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This is the place to search for places and things of interest to visit in Britain, by name, location, type, keyword – or just have a browse. It is a growing directory – over 750 entries as of February 2020. Most entries have links for further information.
Yorkshire and the Humber
The remains of Isurium Brigantum, a significant Roman town between the 2nd and 5th centuries AD, lie largely under the charming village of Aldborough ('old borough'). Little of the Roman town is visible - small sections of town wall and a couple of good mosaics. There's a small museum, and it's a pleasant stroll round the site, but people expecting to see a great deal might be disappointed.
Anne Bronte is the only one of the famous siblings not to be buried in the family vault at Haworth. She worked as a governess in Scarborough and journeyed the 70 miles from home when she was ill, hoping the sea air would help. She arrived on Saturday 25 May 1849, very ill, accompanied by her sister Charlotte and a friend, Ellen and died on the Monday. Charlotte commissioned the very worn headstone seen today, but returning 3 years afterwards found a number of errors on it. The errors, whatever they were, were seemingly corrected – but the inscription still has Anne’s age wrong. A modern plaque has been placed on the ground by the Bronte Society.
St Mary's Church dates from the 12th century and is interesting in its own right. Canons were based in the churchyard during the Civil War, from which Parliamentary troops exchanged fire with the Royalists in the castle.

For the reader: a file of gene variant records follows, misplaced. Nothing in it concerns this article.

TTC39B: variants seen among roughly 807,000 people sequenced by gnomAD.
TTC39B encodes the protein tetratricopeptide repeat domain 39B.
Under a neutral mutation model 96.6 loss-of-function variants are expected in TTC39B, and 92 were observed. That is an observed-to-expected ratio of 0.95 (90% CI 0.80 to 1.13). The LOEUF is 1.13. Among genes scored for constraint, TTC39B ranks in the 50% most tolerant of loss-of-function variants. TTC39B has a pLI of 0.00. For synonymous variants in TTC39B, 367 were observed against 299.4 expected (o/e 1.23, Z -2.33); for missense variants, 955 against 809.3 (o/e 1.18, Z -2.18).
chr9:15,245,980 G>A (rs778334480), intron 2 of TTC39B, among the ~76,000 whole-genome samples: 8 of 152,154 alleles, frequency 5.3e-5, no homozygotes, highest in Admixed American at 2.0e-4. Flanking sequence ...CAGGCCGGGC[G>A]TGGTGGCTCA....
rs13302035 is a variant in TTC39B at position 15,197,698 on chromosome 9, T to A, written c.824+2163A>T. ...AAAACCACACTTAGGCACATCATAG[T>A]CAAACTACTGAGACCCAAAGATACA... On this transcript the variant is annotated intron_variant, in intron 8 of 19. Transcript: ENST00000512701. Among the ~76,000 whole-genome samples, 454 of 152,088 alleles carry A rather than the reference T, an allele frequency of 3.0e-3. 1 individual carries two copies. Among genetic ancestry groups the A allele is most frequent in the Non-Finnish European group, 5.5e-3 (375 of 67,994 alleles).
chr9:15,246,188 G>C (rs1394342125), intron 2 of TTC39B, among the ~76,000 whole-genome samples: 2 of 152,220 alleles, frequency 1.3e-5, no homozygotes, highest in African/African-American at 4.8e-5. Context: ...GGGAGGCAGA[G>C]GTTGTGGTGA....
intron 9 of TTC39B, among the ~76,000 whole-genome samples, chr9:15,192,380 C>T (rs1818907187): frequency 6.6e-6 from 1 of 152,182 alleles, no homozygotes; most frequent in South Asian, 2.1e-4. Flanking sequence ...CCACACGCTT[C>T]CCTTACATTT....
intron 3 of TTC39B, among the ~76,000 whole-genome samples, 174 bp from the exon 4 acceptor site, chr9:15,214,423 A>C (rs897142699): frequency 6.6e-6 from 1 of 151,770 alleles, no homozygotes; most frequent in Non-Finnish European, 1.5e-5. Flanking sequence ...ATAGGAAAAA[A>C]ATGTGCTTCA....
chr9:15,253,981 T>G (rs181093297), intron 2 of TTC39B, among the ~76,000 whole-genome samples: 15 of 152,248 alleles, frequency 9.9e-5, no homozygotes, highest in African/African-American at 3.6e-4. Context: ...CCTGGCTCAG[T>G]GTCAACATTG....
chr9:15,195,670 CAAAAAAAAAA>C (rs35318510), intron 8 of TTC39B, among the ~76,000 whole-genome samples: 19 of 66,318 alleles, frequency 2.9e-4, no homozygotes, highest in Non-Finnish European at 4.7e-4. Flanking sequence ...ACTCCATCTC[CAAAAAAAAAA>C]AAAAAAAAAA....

The Battle of Marston Moor was fought on 2nd July 1644 and was one of the major battles of the English Civil War. It engaged an estimated 18,000 Royalists and 28,000 combined Parliamentarians and Scots, lasted approximately 2 hours and resulted in a decisive defeat for King Charles. Some 4,000 Royalists were killed and a further 1,500 captured. One of the consequences was that the Royalists lost control of the North of England. This was the battle that helped make Oliver Cromwell's name as one of the commanders. The battlefield is situated on mainly agricultural land between the villages of Long Marston and Tockwith. A road runs across the area of the fighting, as it did in the 17th century and there is an obelisk memorial with an information panel.
Post code is approximate.
A significant battle fought here on 25th September 1066, between King Harold's Saxon-English army and an invading force of Norsemen under Harald Hardrada and Tostig Godwinson. The English victory was emphatic, but Harold then had to march south to meet the invading Normans at Hastings. There is not much to see in the village, thought there is a memorial in the centre.
NB - this is nowhere near Bolton, Lancashire!
Bolton Castle is a 14th century fortress built on a grand scale by Sir Richard le Scrope - whose descendents still own the place. Mary, Queen of Scots, was held here for 6 months and was allowed to use the time hunting and learning English. It was besieged, and badly damaged, by Parliamentary forces during the English Civil War, but is still remarkably intact and well worth a visit. Great views of the Yorkshire Dales from the battlements. Pleasant medieval gardens. The adjacent chapel of St Oswald and the village of Castle Bolton are both charming.
Warning: Bolton Castle is used as a wedding venue - check it is open to visitors before making a special trip.